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This page continues our examination of the New Testament evidence for Jesus’ resurrection.

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So far we have looked at the women’s testimony concerning their discovery of the empty tomb and encounters with the angels and with Jesus. We will now go on to consider the other evidence.

1. The mystery of the empty tomb.

The visit of Peter and John.
John relates how he and Peter found the grave empty; but the graveclothes positioned in a manner that convinced them that these could not have been simply removed from a dead corpse. This was in spite of the fact that they did not yet realise that Jesus’ resurrection had been predicted.
The Forgotten Tomb.
No further interest is shown in the tomb itself after the resurrection morning. This leads us to the conclusion that it was empty, that the authorities did not know where the body was, and that as far as the Christians were concerned it was no longer relevant. They were more interested in the risen Christ.

2. Early Encounters in Jerusalem.

The Emmaeus Road.
Two disciples were leaving Jerusalem, dispirited and perplexed over the news they had heard. A man meets them who explains how Jesus’ resurrection had been foretold. When he breaks bread with them that night, they finally recognise him: and he suddenly vanishes!
Peter’s Private Audience.
Sometime that same day, it is reported that Jesus also appeared to Peter, although no details of that intensely personal meeting appear to have been made public.
The Upper Room.
That night, Jesus appears to the disciples in a locked upper room, showing them his wounds, letting them handle him, and even eating food.
Doubting Thomas.
Thomas, who was absent that night, swore he wouldn’t believe it unless he put his own finger in the nail marks and his hand in the spear wound. A week later Jesus appears, quoting Thomas’ words back at him, and inviting him to do it.

3. The Galilee Appearances.

On Jesus’ instructions, the disciples go to Galilee; where Jesus shows them ‘many convincing proofs’ of his resurrection. During this time he taught them and even ate with them. The gospels contain descriptions of two of these meetings.

A Miraculous Catch of Fish.
Following an unsuccessful night’s fishing, Jesus is seen on the shore. He tells them where to cast their nets, and they catch so many fish the boat nearly sinks! On reaching shore, they find Jesus making breakfast. There follows an intimate conversation with Peter.
A Meeting on the Mountain.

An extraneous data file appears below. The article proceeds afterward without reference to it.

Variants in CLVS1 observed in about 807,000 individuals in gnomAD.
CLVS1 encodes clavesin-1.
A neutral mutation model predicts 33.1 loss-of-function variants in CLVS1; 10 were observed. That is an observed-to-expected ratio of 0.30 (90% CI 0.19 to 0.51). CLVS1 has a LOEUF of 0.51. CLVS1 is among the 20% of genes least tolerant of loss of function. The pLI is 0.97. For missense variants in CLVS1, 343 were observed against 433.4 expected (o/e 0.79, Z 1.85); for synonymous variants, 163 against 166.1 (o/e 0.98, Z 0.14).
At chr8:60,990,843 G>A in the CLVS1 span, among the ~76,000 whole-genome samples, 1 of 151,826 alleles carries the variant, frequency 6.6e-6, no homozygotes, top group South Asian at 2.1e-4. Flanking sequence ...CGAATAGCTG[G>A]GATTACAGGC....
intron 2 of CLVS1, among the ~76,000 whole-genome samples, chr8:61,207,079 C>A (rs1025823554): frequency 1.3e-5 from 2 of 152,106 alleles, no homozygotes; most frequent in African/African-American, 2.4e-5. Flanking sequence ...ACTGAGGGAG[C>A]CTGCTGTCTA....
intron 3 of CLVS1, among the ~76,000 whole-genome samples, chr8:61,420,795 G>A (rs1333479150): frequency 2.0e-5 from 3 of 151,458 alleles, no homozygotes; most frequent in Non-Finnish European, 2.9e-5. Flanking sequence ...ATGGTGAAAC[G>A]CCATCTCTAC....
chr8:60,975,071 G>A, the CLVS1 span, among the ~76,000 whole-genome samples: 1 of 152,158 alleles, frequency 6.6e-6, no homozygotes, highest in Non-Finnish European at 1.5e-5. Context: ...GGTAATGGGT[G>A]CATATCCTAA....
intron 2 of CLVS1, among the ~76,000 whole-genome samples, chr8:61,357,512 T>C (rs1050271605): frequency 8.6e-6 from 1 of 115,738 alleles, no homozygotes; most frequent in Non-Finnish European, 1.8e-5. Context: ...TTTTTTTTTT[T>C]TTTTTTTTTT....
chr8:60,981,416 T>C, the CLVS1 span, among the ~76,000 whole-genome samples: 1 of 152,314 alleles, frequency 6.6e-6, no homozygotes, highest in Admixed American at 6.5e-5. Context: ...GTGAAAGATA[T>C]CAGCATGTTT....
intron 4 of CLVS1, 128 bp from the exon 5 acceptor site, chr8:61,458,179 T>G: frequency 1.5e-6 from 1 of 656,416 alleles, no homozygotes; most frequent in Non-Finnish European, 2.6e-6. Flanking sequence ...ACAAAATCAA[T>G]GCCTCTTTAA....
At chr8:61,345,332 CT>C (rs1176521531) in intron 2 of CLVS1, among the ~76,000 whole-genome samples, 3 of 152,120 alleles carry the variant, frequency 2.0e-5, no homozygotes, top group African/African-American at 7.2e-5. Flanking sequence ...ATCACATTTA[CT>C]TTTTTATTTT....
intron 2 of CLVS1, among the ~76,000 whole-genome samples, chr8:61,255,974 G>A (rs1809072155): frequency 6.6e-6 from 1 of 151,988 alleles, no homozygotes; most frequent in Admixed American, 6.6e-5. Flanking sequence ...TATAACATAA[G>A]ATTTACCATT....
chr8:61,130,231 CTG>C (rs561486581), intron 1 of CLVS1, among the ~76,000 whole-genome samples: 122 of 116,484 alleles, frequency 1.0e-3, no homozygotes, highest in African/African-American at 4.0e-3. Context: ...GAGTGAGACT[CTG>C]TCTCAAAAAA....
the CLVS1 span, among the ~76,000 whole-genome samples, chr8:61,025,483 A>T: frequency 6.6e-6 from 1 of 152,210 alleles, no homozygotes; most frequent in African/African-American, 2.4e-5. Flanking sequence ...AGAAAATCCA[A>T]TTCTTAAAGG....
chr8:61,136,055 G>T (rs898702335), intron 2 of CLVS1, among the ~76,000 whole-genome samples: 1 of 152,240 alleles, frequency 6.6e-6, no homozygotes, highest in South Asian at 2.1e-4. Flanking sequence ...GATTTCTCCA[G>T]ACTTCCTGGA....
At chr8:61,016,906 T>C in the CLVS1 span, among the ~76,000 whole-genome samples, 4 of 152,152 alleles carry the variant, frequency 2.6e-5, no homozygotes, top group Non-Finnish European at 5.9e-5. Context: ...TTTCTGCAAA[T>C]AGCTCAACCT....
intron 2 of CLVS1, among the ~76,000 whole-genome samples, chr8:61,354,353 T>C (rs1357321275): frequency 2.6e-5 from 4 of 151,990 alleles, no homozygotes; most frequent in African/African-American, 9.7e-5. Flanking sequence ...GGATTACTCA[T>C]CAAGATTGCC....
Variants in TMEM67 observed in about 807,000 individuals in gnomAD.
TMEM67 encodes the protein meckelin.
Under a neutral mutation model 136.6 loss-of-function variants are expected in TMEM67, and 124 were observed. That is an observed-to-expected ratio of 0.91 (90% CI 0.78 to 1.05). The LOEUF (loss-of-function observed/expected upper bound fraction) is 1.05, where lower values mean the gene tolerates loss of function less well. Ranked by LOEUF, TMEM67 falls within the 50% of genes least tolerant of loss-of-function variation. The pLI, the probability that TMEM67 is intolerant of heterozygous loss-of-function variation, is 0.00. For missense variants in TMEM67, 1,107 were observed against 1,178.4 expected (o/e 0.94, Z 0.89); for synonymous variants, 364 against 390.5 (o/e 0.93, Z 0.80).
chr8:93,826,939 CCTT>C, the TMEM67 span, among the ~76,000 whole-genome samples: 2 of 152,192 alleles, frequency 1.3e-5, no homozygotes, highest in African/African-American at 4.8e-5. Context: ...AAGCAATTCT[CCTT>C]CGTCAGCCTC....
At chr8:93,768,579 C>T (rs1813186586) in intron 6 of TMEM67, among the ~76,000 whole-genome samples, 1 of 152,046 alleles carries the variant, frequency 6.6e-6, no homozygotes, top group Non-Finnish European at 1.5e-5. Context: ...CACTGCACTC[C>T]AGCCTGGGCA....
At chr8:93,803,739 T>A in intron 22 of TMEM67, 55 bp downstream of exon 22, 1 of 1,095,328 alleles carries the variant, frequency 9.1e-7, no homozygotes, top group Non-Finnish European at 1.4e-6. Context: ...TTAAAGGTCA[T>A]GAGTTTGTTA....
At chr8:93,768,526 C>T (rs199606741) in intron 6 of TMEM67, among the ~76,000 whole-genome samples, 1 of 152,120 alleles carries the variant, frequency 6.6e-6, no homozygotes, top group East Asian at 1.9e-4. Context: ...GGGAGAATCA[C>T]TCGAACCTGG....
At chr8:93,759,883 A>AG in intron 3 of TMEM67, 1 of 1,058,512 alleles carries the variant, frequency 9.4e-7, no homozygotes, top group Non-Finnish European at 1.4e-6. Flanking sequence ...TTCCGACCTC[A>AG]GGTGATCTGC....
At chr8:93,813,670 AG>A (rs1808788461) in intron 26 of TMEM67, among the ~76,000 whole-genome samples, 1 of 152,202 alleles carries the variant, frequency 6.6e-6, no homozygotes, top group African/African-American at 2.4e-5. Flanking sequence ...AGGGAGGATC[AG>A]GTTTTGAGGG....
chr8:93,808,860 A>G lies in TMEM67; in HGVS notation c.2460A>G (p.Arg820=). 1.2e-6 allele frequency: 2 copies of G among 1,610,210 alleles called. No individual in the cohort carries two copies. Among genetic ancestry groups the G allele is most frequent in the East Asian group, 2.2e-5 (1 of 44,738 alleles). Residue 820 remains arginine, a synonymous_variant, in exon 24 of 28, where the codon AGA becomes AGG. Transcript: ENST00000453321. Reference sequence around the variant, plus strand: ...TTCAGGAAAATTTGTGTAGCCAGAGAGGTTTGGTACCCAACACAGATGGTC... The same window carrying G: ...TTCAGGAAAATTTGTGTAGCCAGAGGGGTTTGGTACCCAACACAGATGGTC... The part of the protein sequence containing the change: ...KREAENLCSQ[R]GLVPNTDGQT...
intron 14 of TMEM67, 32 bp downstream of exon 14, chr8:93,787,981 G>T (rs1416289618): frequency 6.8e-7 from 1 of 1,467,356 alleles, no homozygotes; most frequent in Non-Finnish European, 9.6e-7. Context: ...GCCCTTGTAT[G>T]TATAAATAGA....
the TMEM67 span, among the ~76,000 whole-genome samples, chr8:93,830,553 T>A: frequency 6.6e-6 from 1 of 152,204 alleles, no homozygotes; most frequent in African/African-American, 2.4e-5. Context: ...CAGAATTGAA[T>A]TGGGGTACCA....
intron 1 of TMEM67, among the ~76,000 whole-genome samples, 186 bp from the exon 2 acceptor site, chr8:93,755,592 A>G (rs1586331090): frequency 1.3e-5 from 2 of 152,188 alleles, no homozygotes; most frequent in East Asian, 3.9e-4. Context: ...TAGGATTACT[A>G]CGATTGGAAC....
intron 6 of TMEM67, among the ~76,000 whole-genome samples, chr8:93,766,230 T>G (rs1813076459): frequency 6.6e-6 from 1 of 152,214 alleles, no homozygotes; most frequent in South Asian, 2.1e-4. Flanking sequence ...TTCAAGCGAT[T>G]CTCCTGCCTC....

During a meeting on a Galilean mountain (sometimes confused with the Ascension), Jesus commands the disciples to go and make disciples of all nations and promises to be with them always.

4. The Ascension.

About 40 days after the resurrection they return to Jerusalem’s Mount of Olives, where Jesus ascends from the earth until taken out of sight by a cloud. Two men in white then appear, promising that he will one day return in the same manner. After this, there are hardly any reported appearances. But soon an outpouring of miraculous events heralds the coming of the Holy Spirit, and the church enters a period of explosive growth.

5. Post-Ascension Appearances.

Following the ascension there were very few appearances. Indeed, there is some debate as to whether the first three of the following took place before or after it. However, Paul’s own encounter clearly must have done so.

500 at Once!
Paul records that on one occasion Jesus appeared to over 500 men at once, adding that the majority of these are still alive at the time of writing.
James.
Jesus also appeared to James, Jesus’ brother; though we do not know the precise timing or circumstances of this event.
All the Apostles.
Later on, Jesus appeared to ‘all the apostles’. We know little of this, except that it apparently involved more than the original twelve apostles.
Paul.
Paul is travelling to Damascus to arrest Christian ‘heretics’ when he sees a light from heaven and hears Jesus speaking to him. His companions also see the light and hear the voice, but cannot understand it. He is blind for three days until prayed for by a local disciple. His experience turns him from a fanatical opponent to one of Christianity’s foremost advocates.

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